Linear Algebra and Its Applications, Exercise 2.3.7

Exercise 2.3.7. For each of the following, state whether the vector b is in the subspace spanned by w_1, \dotsc, w_l. (Construct a matrix A with w_1, \dotsc, w_l as the columns, and try to solve Ax = b.)

a) w_1 = (1, 1, 0), w_2 = (2, 2, 1), w_3 = (0, 0, 2), b = (3, 4, 5)

b) w_1 = (1, 2, 0), w_2 = (2, 5, 0), w_3 = (0, 0, 2), w_4 = (0, 0, 0), any b

Answer: a) We construct the matrix

A = \begin{bmatrix} 1&2&0 \\ 1&2&0 \\ 0&1&2 \end{bmatrix}

and do Gaussian elimination on the left and right hand sides of Ax = b:

\begin{bmatrix} 1&2&0&\vline&3 \\ 1&2&0&\vline&4 \\ 0&1&2&\vline&5 \end{bmatrix} \Rightarrow \begin{bmatrix} 1&2&0&\vline&3 \\ 0&0&0&\vline&1 \\ 0&1&2&\vline&5 \end{bmatrix}

\Rightarrow \begin{bmatrix} 1&2&0&\vline&3 \\ 0&1&2&\vline&5 \\ 0&0&0&\vline&1 \end{bmatrix}

From the third equation we have the contradiction 0 = 1 and we conclude that Ax = b has no solution in this case. The vector b = (3, 4, 5) is therefore not in the subspace spanned by w_1, w_2,  and w_3.

b) We construct the matrix

A = \begin{bmatrix} 1&2&0&0 \\ 2&5&0&0 \\ 0&0&2&0 \end{bmatrix}

and do Gaussian elimination on the left and right hand sides of Ax = b:

\begin{bmatrix} 1&2&0&0&\vline&b_1 \\ 2&5&0&0&\vline&b_2 \\ 0&0&2&0&\vline&b_3 \end{bmatrix} \Rightarrow \begin{bmatrix} 1&2&0&0&\vline&b_1 \\ 0&1&0&0&\vline&b_2 - 2b_1 \\ 0&0&2&0&\vline&b_3 \end{bmatrix}

The pivots are in columns 1 through 3 and the basic variables are x_1, x_2, and x_3 with x_4 being a free variable. The first three columns of the original matrix are thus linearly independent; the fourth column is a linear combination of the others. Since the first three columns w_1, w_2, and w_3 are vectors in \mathbf{R}^3 and are linearly independent, they span all of \mathbf{R}^3 and thus any vector b = (b_1, b_2, b_3) can be represented as a linear combination of w_1, w_2, and w_3 using suitable weights.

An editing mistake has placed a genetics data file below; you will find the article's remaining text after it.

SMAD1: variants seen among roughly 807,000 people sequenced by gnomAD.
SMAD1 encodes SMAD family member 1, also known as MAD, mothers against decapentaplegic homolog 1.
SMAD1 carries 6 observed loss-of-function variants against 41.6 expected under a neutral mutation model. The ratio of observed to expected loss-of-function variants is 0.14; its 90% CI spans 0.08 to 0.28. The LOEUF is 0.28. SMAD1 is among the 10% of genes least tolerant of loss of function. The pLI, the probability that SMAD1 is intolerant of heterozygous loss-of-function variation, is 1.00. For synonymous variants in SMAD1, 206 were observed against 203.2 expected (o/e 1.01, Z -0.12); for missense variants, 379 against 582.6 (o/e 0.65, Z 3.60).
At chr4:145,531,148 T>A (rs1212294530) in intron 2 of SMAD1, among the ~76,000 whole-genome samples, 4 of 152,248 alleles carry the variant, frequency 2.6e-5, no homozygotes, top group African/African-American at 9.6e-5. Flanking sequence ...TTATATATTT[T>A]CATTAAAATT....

Going further, from the third equation we have 2x_3 = b_3 or x_3 = b_3/2. From the second equation we have x_2 = b_2 - 2b_1. From the first equation we have

x_1 + 2x_2 = b_1 \rightarrow x_1 + 2(b_2 - 2b_1) = b_1

\rightarrow x_1 + 2b_2 -4b_1 = b_1 \rightarrow x_1 = 5b_1 - 2b_2

The equation Ax = b is equivalent to

\begin{bmatrix} 1&2&0&0 \\ 2&5&0&0 \\ 0&0&2&0 \end{bmatrix} \begin{bmatrix} x_1 \\ x_2 \\ x_3 \\ x_4 \end{bmatrix} = \begin{bmatrix} b_1 \\ b_2 \\ b_3 \end{bmatrix}

\rightarrow x_1 \begin{bmatrix} 1 \\ 2 \\ 0 \end{bmatrix} + x_2 \begin{bmatrix} 2 \\ 5 \\ 0 \end{bmatrix} + x_3 \begin{bmatrix} 0 \\ 0 \\ 2 \end{bmatrix} + x_4 \begin{bmatrix} 0 \\ 0 \\ 0 \end{bmatrix} = \begin{bmatrix} b_1 \\ b_2 \\ b_3 \end{bmatrix}

Dropping the zero vector w_4 we can therefore represent any vector b in \mathbf{R}^n as a linear combination of w_1, w_2, and w_3 as follows:

\begin{bmatrix} b_1 \\ b_2 \\ b_3 \end{bmatrix} = (5b_1 - 2b_2) \begin{bmatrix} 1 \\ 2 \\ 0 \end{bmatrix} + (b_2 - 2b_1) \begin{bmatrix} 2 \\ 5 \\ 0 \end{bmatrix} + (b_3/2) \begin{bmatrix} 0 \\ 0 \\ 2 \end{bmatrix}

NOTE: This continues a series of posts containing worked out exercises from the (out of print) book Linear Algebra and Its Applications, Third Edition by Gilbert Strang.

If you find these posts useful I encourage you to also check out the more current Linear Algebra and Its Applications, Fourth Edition, Dr Strang’s introductory textbook Introduction to Linear Algebra, Fourth Edition and the accompanying free online course, and Dr Strang’s other books.

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